In the compelling narratives of section three—“Suturing Our Split Selves: On Intersectionality”— writers address the challenges that arise when trying to reconcile different aspects of themselves. Adam Rabuy Crayne chronicles a history of abuse that he must confront before arriving at a place of self-acceptance. In “All You Ever Needed: A Queer History of you,” he describes his feelings as he makes a turning-point decision to flee an unhealthy relationship: “With every heartbeat, you feel a bitter memory lodged in your bones dissipating to make room for a new dream. This is the strongest you have ever felt.” In this section we also hear from mixed heritage Pinays who grapple with feelings of isolation, frustration, and belonging. In “What You Just Call Me??!! Challenging Forced Labels on Filipin@s of Mixed Heritage,” Maharaj “Raju” Desai writes about how important it is “to find and name [our] communities in order to build, heal, and grow.” I think it would be wonderful to expand this section with even more voices. Older members of our community, for example, trans writers, writers with disabilities, and others who navigate multiple spaces.
We move from the individual to the collective with “Cause a Stir: Coalitional Consciousness & Organizing.” The writers in this section call us to action in this age of Trump and Duterte, pointing out the violence and corruption in and around our communities. In “What stands the test of time?” poet Janice Sapigao worries about her mother’s trip home to the Philippines:
She is leaving Trump’s fascist America to travel to her first home, now Duterte’s corrupt and dictatorial Philippines. She first left during Marcos’s reign in the middle of martial law, and now what is the difference. 1978 and 2017. My mom won’t be traveling back or to any time. They are the same.
Also included is “Thinking About Philippine Studies in the United States in the 21st Century” by Lily Ann B. Villaraza, Ph.D., Erina Alejo, Oliver Mangibin, Klaine Justo, and EdianBlair Schoefield. This essay helps to ground the other works and encourages readers to think about the connections that may exist between Philippine Studies and what we can accomplish collectively.
The revolution, as the editors remind us in their introduction, begins at home. “How to Make Home: Family and Radical Parenting,” then, is the perfect way to close out this reader. The conversation between “motherscholars” Maria J. Ferrera and Cecily Relucio Hensler, who are both raising biracial daughters, was full of insight. I especially appreciated the part of their discussion that revolves around what our daughters can teach us about what it means to be Pinay. Dr. Roderick Daus-Magbual and Dr. Arlene Daus-Magbual are educators and parents to a son and daughter. In their essay “Raising Revolution: Critical Pin@y Parenting,” they share their perspective on how being members of a “conscious and politically engaged community” shapes the way they choose to parent. As with section three, I would have liked an additional voice or two from those who live in nontraditional family structures, but there is plenty of valuable information here for anyone who plays a part in the lives of our kids. I wish I’d had it on-hand when I was a new parent.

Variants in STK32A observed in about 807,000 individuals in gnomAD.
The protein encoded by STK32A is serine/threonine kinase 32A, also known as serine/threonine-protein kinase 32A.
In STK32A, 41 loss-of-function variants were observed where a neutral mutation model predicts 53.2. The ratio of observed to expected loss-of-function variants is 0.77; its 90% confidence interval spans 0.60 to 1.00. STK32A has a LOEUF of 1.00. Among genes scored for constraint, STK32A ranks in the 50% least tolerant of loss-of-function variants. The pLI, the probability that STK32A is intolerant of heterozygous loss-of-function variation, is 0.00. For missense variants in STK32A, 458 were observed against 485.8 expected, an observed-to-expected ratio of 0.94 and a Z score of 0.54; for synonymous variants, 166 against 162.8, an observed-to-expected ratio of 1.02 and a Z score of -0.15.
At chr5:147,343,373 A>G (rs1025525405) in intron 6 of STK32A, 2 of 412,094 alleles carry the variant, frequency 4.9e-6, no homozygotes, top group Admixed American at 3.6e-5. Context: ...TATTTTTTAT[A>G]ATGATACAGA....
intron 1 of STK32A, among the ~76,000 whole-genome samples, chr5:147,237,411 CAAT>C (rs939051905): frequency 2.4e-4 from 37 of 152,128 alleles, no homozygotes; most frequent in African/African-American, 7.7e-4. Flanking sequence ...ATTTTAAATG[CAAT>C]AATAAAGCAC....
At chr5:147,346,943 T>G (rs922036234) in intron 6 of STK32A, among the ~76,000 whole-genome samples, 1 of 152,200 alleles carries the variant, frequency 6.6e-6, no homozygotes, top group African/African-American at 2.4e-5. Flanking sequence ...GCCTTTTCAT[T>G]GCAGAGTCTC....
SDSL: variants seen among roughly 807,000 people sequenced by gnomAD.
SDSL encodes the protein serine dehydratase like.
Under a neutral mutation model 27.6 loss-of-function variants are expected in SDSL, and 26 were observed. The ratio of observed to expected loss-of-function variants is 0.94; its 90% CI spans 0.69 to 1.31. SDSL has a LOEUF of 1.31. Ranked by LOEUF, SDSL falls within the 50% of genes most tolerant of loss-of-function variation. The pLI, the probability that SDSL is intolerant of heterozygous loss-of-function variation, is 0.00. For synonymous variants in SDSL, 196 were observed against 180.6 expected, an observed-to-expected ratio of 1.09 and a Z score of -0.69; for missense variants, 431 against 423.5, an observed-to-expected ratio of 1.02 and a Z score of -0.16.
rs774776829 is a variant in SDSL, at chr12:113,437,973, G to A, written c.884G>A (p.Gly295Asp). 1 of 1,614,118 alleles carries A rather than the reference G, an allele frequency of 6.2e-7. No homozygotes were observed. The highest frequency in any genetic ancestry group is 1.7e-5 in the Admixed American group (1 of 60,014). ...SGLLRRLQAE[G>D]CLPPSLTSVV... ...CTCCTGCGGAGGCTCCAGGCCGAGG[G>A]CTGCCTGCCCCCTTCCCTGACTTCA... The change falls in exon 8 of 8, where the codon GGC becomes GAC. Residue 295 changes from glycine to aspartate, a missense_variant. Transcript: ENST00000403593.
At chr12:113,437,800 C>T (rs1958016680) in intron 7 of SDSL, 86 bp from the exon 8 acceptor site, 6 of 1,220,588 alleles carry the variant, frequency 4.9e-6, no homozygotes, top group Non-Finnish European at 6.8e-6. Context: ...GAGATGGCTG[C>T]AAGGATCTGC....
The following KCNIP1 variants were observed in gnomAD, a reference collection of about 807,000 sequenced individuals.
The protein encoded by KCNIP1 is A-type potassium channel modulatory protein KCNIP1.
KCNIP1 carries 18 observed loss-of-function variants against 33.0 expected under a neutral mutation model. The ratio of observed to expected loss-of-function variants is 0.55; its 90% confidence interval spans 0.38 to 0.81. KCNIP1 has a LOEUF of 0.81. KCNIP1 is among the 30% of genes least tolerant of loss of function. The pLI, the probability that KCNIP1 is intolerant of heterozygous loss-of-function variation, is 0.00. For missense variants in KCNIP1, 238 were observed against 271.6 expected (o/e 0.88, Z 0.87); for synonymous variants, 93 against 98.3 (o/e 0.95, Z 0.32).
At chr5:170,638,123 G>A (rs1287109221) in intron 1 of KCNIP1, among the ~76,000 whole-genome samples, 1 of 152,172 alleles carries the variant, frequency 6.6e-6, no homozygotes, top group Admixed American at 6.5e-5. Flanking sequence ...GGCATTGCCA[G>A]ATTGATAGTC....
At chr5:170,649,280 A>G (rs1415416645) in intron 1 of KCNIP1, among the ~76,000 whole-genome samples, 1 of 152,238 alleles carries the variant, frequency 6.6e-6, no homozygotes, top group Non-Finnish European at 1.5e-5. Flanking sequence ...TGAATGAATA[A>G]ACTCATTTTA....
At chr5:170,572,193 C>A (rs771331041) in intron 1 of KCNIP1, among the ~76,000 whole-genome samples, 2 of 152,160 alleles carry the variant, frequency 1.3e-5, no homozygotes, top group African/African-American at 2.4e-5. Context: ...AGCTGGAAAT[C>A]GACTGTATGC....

The Pilipinx Radical Imagination Reader is a rich, ambitious collection. As I worked my way through the book, it occurred to me that this project could easily have taken an awkward turn and ended up much like an overcrowded elevator where no one wants to make eye contact. Instead, it feels expansive and welcoming. Yes, there are many, many writers included here, but the options make it easy for the reader to find a space in which to situate their own narrative, their own radical imagination.
Veronica Montes is the author of Benedicta Takes Wing & Other Stories (Philippine American Literary House, 2018). Connect with her at veronica-montes.com
Post a Comment